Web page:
The effect of place of residence on the mental health and sleep quality of the seniors is such that the average scores of mental disorders in the resident seniors are significantly higher than the nonresident seniors (27). The monotonous and unfriendly atmosphere of life in the nursing home, along with the lack or reduction of emotional support received from the family members, can affect the quality of their sleep by predisposing them to mental disorders. On the other hand, the lack of emotional family support of resident seniors and subsequent depression are among the factors affecting the sleep quality of seniors, which is consistent with this finding. As individuals age, changes occur in sleep quality and circadian rhythm, and these changes can lead to sleep disorders (28).

Overall, seniors have been shown to be more susceptible to physical and mental illness than seniors living with family members (29). Zhang et al. (2019) reported a positive relationship between poor sleep quality and physical health, mental disorders, and QOL (30).

According to our results, the QOL of the seniors was at a moderate level. In this regard, Farhadi et al. (2011) also reported poor QOL for seniors (31). Konig et al. (2010) also showed that 68.8% of seniors have problems in at least one aspect of QOL (32). According to many previous studies, it can be concluded that the seniors' QOL is affected by many factors (such as the level of education, lifestyle, and economic status), and differences in the seniors of different study populations can be affected by these factors. Health habits and behaviors of seniors, the incidence of chronic diseases, nutritional status, physical activity, and access to health services can play a decisive role in various dimensions of health in this age group. According to the literature, resident seniors have a lower QOL score (33).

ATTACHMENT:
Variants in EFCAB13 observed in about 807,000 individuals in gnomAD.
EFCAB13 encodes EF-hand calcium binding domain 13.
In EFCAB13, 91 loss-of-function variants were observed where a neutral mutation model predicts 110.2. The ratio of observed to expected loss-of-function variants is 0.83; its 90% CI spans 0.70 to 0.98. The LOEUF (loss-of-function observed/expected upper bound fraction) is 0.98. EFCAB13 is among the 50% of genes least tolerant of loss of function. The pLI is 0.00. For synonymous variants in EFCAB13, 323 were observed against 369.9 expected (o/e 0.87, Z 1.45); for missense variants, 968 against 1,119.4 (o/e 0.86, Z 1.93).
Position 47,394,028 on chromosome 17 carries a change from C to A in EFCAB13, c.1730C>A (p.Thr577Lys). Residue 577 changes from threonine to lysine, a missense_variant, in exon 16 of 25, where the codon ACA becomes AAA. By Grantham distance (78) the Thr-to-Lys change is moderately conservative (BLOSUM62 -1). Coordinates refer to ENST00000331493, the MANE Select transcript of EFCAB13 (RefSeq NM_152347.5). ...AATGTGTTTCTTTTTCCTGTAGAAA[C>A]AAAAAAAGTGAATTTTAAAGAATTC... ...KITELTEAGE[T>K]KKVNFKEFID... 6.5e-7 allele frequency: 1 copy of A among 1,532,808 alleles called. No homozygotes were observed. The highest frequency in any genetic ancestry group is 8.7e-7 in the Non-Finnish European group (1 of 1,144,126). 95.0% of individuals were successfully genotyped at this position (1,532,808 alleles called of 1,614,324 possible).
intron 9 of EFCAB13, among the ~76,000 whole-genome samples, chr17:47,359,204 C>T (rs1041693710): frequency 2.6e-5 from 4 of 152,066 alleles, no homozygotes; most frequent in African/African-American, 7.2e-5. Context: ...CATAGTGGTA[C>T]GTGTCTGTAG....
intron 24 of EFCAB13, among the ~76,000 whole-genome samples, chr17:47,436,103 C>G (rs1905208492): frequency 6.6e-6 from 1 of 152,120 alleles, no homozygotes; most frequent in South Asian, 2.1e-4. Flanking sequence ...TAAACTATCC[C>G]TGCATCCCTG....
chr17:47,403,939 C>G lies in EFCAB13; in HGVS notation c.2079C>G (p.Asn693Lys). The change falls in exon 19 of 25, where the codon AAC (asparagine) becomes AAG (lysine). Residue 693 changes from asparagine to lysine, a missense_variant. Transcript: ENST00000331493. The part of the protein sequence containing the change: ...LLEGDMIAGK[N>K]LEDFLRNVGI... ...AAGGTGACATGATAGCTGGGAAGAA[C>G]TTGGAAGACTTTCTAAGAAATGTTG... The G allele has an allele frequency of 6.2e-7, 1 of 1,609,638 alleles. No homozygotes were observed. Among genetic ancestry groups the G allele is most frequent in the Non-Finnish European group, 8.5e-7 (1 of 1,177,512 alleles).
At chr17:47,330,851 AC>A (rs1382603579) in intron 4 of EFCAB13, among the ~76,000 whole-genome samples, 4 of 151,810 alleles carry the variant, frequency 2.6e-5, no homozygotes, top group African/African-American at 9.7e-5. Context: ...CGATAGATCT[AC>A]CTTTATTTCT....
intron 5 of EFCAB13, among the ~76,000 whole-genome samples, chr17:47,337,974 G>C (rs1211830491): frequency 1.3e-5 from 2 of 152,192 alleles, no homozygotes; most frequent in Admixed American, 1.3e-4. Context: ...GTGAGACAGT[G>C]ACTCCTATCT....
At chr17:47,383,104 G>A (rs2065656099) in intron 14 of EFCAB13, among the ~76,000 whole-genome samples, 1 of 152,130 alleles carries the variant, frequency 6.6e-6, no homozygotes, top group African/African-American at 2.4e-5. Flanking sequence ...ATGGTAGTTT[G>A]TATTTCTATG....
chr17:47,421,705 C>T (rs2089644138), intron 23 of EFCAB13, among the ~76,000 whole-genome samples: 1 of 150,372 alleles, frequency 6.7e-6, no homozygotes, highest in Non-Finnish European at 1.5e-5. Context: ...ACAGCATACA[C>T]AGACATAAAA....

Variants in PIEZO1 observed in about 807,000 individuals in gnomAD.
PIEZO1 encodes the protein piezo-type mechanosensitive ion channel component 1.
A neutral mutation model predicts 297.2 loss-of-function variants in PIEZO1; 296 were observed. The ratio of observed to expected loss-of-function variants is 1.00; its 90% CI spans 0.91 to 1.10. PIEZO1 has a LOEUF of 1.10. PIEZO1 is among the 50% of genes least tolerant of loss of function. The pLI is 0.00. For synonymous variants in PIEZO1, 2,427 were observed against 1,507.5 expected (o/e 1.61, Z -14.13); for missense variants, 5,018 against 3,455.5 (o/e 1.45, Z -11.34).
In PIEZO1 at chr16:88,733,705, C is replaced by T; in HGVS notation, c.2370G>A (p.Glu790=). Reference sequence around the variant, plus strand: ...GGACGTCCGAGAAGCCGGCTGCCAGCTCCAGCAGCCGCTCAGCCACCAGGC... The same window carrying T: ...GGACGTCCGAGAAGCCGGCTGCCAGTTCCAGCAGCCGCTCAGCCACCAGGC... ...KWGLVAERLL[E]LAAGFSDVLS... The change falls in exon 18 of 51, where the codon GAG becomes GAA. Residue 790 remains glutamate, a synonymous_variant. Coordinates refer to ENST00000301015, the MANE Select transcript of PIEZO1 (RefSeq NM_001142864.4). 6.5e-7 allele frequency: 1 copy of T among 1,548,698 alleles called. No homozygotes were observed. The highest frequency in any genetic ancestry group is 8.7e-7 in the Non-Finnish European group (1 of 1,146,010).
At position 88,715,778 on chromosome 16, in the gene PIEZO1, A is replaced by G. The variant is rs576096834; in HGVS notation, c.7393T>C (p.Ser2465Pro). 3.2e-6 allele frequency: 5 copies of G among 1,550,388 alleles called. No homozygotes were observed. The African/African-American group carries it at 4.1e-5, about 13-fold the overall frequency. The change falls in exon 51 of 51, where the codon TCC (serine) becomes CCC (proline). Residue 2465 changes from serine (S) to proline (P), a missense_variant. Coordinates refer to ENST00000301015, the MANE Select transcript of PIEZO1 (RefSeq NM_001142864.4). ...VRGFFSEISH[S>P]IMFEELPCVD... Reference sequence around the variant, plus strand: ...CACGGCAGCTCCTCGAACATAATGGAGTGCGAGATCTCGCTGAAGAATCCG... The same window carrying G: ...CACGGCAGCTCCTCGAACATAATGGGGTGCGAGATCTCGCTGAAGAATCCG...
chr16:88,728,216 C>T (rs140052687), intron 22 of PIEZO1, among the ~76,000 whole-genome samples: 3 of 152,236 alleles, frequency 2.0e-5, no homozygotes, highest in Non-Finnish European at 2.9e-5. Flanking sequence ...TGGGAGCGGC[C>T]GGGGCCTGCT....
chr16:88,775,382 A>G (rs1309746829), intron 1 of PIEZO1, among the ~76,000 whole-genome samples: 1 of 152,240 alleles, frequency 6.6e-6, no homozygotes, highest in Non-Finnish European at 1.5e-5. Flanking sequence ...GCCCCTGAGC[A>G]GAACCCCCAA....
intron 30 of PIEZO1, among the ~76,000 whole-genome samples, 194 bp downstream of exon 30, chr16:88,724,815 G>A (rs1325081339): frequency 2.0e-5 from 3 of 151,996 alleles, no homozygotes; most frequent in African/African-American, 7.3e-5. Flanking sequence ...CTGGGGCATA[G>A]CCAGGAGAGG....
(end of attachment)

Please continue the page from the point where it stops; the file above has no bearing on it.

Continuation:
The present study demonstrated a significant relationship between QOL (physical and mental dimensions and total score) and all dimensions of sleep quality (except sleep efficiency). Moradi et al. (2015) also reported a significant direct correlation and relationship between sleep quality and different dimensions of QOL (34). Safa et al. (2015) also found a direct and significant relationship between sleep quality and most aspects of the QOL of seniors, showing that people with poor sleep quality have poor QOL (28). Their results are consistent with our results. Another study showed that QOL significantly affected the physical and mental components of sleep quality (35). Previous studies have also shown many factors contributing to poor sleep quality among seniors, including social and demographic factors (such as age, marital status, marriage, level of education) (36) and lifestyle factors (such as physical activity and anxiety and depression) (37), which all should also be considered.

Regarding individual factors affecting the seniors' QOL, the results of the present study showed a significant difference in QOL between people aged less and more than 70 years. Habibi et al. (2012) found no statistically significant relationship between QOL and age, but with increasing age, the average QOL decreased (38). The results of other studies also show a significant inverse relationship between age and QOL (39). Obviously, the incidence of disabilities is more pronounced in older ages and appears as a decline in physical activity, increased physical limitations, and, ultimately, a decrease in QOL.

Regarding the relationship between sex and QOL, the present study showed a significant difference in QOL between male and female seniors. Quality of life was significantly higher in men than in women. In this regard, Habibi et al. (2012) showed that the QOL of men was significantly higher than the average QOL of women (38). Other relevant studies have shown that the QOL score is higher in male seniors than in female seniors (28, 40). These results are consistent with our results. However, Li et al. did not refer to the sex variable as an effective factor in the QOL of seniors (23).